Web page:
We are grateful to be called sons and daughters of the Living God! We know that one day we will see Him face to face.

To see Christ glorified in Cambodia,
Titus, Jewel, Sophear, & Chamnab

Wednesday, January 4, 2017

Thoughts on concluding a very eventful year

2016 was the most eventful year of our marriage, perhaps even of our individuals lives.

How God is growing our family:

As 2016 began, our sister, brother-in-law, and nephew were stuck in the Philippines for an extra two weeks due to complications regarding Aldean's Green Card. Finally, they returned to Indiana and we announced our pregnancy. I had horrible 24/7 morning sickness for almost six weeks. January 18-21, we attended Champion Migration Strategy orientation at WGM headquarters – a training that would launch us into support-raising. That same week, I started my online studies towards a master’s degree in Applied Biblical Studies with Moody Bible Institute. That same week, Titus and I both got a terrible case of the flu, which last five days and seven days respectively. While January 18-21 was definitely our craziest week, all 52 weeks required a high level of balancing demanding responsibilities – marriage, parenting, support-raising, working, studies, taking care of our home, our walks with the Lord, etc.
On February 4th, Sophear turned two-years-old and on March 16th, she had surgery to close a hole in her heart. It was a very scary time for us, but we felt so supported! There were people all around the world praying for Sophear and for us! During the days and weeks leading up to and following Sophear’s surgery, we were reminded in a very real way two important truths: 1) God is a big God and 2) He loves our precious daughter, His precious daughter. I’m reminded of the lyrical line “I'm no longer a slave to fear, for I am a child of God!!” It is with confidence in this truth that I am able to go to Cambodia.

In July, we attended Family Camp – a traditional church camp-meeting for all ages. It was our last week as a family of three (Chamnab was born Tuesday after camp), and we shared some special times together as a family living in a small cabin and staying up too late. We also enjoyed the time away from technology and other distractions, which allowed us to reconnect in fellowship with those around us. God gave us many opportunities that week to advocate for the unreached in Cambodia and we’re grateful for how our support team grew that week!

On August 2nd, our son, Chamnab Harvey, was born. As I’m writing this, I CANNOT believe that our Baby Bear (affectionately called Chamnabby as dubbed by Sophear) is five-months-old. We were so busy and the months flew too quickly… and yet, he’s thriving! He’s rolling, he’s sitting unassisted for short periods, he’s laughing, he’s playing… but HOW is he five-months-old?! Over the weekend, I built a blanket fort for Sophear and put Chamnab in the fort (per her request). I sat a few feet away, listening, smiling, burning into my memory what I was seeing and hearing. Sophear was making silly noises and waving toys and Chamnab was laughing until he fell over. Things won’t always be easy in Cambodia, but they will always have each other! We wake up and go to bed thanking God for our fun and beautiful duo!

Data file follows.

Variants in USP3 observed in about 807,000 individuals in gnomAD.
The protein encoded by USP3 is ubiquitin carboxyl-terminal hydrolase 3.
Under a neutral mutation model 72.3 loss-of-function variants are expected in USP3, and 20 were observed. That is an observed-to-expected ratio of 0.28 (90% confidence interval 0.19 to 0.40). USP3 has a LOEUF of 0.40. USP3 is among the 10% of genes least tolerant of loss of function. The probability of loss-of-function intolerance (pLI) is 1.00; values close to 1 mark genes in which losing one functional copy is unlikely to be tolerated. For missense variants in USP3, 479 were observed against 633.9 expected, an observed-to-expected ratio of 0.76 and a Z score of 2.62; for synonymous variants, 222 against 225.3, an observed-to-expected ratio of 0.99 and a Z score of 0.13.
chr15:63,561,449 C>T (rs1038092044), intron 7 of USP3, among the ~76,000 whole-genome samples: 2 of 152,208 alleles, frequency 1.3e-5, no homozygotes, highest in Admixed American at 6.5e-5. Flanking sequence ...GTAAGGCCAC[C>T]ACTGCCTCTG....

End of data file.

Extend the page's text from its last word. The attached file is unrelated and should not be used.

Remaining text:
On October 29th, we celebrated 5 years of marriage. I’m so grateful to go through life TOGETHER. The last five years have been full of adventure! We’ve pursued dreams of a driver’s license, citizenship, educational pursuits, extensive travels, and raising support for our ministry in Cambodia.

How God is growing our support team:

In April, we became connected to a small community of Cambodian Christians in Columbus, Ohio. We have been able to visit both churches on three visits, including Cambodia’s most celebrated holiday – Khmer New Year. It was a real blessing and encouragement to connect with some Cambodian families and to feel so welcomed by them. Our time with this Cambodian-American Christian community grew even stronger our desire to take the Gospel Message of Jesus Christ to reach the unreached in Cambodia. We believe that God allowed us to cross paths with these people for a great purpose!

On May 1, we spoke at our first church, located in Coleman, Michigan. I believe we will always remember the first pastor who had enough faith in us to offer our first speaking invitation! Our first invitation came from a former classmate who sat in front of me in Homiletics my senior year in college (Fall 2010). While some relationships have fizzled in 2016, it has been a blessing (and fun!) to reconnect with old friends and classmates as well as to build new relationships! As we have traveled, we have met some wonderful people –people that we wish we could have spent more time chatting with and people that we hope are not just a one-time-meeting!

In June, we traveled by faith to a small church nine hours away in North Carolina. This was our first time visiting a place that we had never been, where we knew no one (and staying in the home of people we had just met). Along with taking Sophear, I was already well-advanced in my pregnancy. We questioned, ‘Is God calling us to go?’ and ‘Are we sacrificing too much at the expense of our children?’ God was good to bless our obedience to accept His call to North Carolina. Three families/individuals from the little NC church started supporting us and one of the families has been especially loving towards us, even advocating for us!

In September, we began a very busy travel schedule which took us to 18 speaking engagements in 18 weeks. Our travels took us to Illinois, Michigan, Ohio, Kentucky, New York, and North Carolina. Raising support has not been easy; in fact, it has been very hard, but God has been good to us! Very good! As I wrote earlier, we have met many wonderful people and we have also been blessed with opportunities to reconnect with friends from our past! We consider it a privilege to be sent out to advocate for the Great Commission, to advocate for Cambodia’s unreached, and to finally return to Cambodia and commit our days, our mouths, and our hands to winning souls!